industrial scene

Verizon said it will partner with Microsoft to integrate its 5G Edge network with Microsoft Azure edge services, a move designed to support private 5G networks for enterprise customers. The Verizon news was released around the same time that rival AT&T announced private cellular network partnerships of its own with Ericsson and Nokia – although the AT&T news focused primarily on LTE, rather than 5G.

“By providing on-site private 5G, businesses will realize increased power efficiencies and reduced costs of end user devices, while helping to address their privacy and security needs,” Verizon said in a press release about the Microsoft partnership.

According to a Verizon spokesperson, however, Verizon is not yet offering private 5G networks in the U.S. The company did announce a private 5G offering in Europe and Asia-Pacific, though, and it’s logical to expect the company to announce something in the U.S. before too long. The Microsoft integration with 5G Edge, however, is available in the U.S.

A key capability of 5G is lower latency in comparison with earlier-generation wireless networks, but taking full advantage of that lower latency will require the analytics and intelligence supporting customer applications to move to the network edge. Verizon 5G Edge is designed to meet that need by moving the network edge to the customer premises.

Verizon describes 5G Edge as a “mobile edge computing platform . . . designed to enable developers to build applications for mobile end-users and wireless edge devices with ultra-low latency.”

A Verizon video offers a real-world example of the sorts of applications that Verizon 5G, the Verizon 5G Edge network and Microsoft Azure can support. The video focuses on Ice Mobility, a logistics and supply chain company that has used the Verizon and Microsoft technology to enhance quality control.

The company installed high-definition cameras where employees pick and pack orders for shipment to customers. The intelligence underlying the system matches order data to information printed on each item and generates an alert for any mismatches.

As Ice Mobility CEO Mike Mohr explains in the video, the system “literally knows the entire journey of the box. It knows the product. It knows the customer. And it knows what the worker is putting in the box. It literally eliminates a quality control step. But even more importantly, it increases accuracy.”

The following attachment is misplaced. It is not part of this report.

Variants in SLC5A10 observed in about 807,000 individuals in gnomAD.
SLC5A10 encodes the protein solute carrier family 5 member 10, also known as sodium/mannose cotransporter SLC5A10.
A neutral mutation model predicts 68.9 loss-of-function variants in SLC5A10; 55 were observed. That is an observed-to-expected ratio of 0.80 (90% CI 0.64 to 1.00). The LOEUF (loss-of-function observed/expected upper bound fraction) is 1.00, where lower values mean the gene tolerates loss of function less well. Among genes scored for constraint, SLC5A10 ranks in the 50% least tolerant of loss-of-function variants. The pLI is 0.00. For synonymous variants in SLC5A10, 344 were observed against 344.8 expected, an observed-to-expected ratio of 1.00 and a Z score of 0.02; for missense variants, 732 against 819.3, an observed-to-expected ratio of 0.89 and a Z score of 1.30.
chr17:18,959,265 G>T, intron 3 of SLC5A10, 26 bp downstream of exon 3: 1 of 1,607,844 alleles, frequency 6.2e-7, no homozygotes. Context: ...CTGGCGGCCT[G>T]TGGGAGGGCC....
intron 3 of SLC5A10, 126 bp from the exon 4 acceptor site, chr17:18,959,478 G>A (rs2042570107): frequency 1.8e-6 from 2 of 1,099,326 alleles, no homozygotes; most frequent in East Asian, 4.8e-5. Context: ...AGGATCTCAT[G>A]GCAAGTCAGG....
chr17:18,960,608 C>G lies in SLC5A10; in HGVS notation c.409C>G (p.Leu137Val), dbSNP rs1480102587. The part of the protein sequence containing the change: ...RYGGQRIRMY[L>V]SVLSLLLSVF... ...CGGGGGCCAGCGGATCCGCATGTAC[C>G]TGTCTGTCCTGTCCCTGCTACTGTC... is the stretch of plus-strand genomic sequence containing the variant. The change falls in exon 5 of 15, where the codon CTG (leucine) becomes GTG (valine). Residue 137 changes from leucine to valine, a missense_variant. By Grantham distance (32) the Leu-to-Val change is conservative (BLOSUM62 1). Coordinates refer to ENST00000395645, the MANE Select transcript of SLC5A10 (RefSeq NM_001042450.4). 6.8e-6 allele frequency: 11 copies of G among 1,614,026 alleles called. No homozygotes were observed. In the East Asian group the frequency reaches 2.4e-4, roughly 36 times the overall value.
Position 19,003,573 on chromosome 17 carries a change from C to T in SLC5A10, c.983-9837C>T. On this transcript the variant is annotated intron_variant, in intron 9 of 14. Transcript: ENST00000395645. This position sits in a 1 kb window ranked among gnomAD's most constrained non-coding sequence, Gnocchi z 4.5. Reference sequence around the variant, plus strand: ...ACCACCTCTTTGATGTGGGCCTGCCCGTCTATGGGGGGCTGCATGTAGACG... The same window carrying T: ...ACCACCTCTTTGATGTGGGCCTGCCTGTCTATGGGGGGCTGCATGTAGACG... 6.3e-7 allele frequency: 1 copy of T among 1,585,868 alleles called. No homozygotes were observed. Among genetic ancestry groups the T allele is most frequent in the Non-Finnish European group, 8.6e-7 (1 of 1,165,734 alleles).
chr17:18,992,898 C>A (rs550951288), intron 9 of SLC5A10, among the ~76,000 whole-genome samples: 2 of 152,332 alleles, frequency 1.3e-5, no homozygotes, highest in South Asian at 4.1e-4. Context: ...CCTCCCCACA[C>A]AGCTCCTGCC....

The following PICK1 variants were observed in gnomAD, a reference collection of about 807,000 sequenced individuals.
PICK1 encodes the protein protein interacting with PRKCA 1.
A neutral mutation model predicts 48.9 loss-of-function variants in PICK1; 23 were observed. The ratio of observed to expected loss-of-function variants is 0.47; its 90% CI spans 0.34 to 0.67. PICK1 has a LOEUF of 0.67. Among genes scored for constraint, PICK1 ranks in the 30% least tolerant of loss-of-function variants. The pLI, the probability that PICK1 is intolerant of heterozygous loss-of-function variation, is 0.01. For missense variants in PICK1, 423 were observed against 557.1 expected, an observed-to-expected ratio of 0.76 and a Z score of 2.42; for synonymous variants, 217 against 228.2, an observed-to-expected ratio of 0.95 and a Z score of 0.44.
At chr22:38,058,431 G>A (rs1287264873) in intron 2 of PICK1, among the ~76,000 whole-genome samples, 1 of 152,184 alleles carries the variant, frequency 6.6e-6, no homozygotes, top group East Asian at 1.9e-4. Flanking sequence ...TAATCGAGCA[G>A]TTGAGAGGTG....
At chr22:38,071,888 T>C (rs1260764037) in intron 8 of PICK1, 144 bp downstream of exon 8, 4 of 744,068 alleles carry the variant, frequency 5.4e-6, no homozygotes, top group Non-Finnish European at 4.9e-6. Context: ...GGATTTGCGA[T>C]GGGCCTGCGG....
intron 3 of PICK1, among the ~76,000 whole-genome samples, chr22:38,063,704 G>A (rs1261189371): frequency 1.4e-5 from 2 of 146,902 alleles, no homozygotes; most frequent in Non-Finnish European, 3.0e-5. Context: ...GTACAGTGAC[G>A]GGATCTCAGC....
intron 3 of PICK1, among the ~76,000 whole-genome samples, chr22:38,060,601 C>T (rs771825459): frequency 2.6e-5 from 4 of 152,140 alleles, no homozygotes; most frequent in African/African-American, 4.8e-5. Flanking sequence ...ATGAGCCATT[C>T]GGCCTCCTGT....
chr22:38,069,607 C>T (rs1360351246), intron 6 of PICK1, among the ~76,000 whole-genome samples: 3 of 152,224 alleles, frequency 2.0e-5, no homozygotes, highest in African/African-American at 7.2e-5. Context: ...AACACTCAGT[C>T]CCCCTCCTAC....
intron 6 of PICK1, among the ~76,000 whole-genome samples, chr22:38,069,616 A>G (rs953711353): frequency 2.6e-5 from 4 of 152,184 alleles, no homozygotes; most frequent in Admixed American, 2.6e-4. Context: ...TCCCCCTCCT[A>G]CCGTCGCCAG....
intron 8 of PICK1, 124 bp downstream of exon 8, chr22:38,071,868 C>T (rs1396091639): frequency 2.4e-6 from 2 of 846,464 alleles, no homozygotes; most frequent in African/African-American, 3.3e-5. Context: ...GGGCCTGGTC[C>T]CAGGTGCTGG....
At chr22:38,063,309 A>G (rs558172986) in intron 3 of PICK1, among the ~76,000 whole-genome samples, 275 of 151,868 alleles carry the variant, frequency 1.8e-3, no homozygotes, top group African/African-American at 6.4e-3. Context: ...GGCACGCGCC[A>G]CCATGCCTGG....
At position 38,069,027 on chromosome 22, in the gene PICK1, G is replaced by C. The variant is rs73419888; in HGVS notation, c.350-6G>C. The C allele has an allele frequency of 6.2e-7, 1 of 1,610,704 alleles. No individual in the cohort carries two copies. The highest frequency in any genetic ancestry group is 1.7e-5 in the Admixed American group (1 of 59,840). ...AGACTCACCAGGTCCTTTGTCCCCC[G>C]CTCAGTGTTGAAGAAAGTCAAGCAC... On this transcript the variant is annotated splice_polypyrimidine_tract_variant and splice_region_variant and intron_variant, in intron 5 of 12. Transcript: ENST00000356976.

According to a press release, the company expects to save 15% to 30% in processing time.

Other possible applications that could be enabled by using 5G and MEC include those incorporating computer vision; augmented, mixed and virtual reality; digital twins and machine learning, a press release notes. For example, a precision medicine application might be enabled by mixed reality and artificial intelligence.

Verizon Private 5G Vs. AT&T Private Cellular
AT&T uses the name AT&T Private Cellular Networks for its offering that combines mobile edge computing at the customer premises with cellular connectivity. And in a press release yesterday, AT&T touted the benefits of using a combination of CBRS spectrum and LTE, rather than 5G, to support the private network portion of that offering.

According to the Verizon spokesperson, the Verizon private 5G offering launched outside the U.S. is “transparent to the spectrum used.” However, the press release about the European and Asia-Pacific launch focuses on 5G, suggesting that any private cellular network offering the company might launch in the U.S. would also use 5G rather than LTE technology.

LTE wasn’t designed to the low-latency specifications that are part and parcel of 5G. But for some industrial applications, LTE is probably sufficient and may be less costly thanks to the economies of scale of LTE.

It’s also worth noting that Verizon is using Nokia to support its overseas private 5G offering — the same vendor that AT&T is using to support its Private Cellular Network offering.

In addition, AT&T has a partnership with Microsoft similar to Verizon’s.

All this suggests that AT&T should have no trouble matching the Verizon private 5G offering and that it wouldn’t be a big effort for Verizon to launch a private 5G offering in the U.S. should the companies see sufficient demand for those offerings.

Clearly, private cellular networks – whether based on LTE or 5G — are shaping up to be a cutting-edge technology development area and one that Telecompetitor looks forward to keeping tabs on moving forward.

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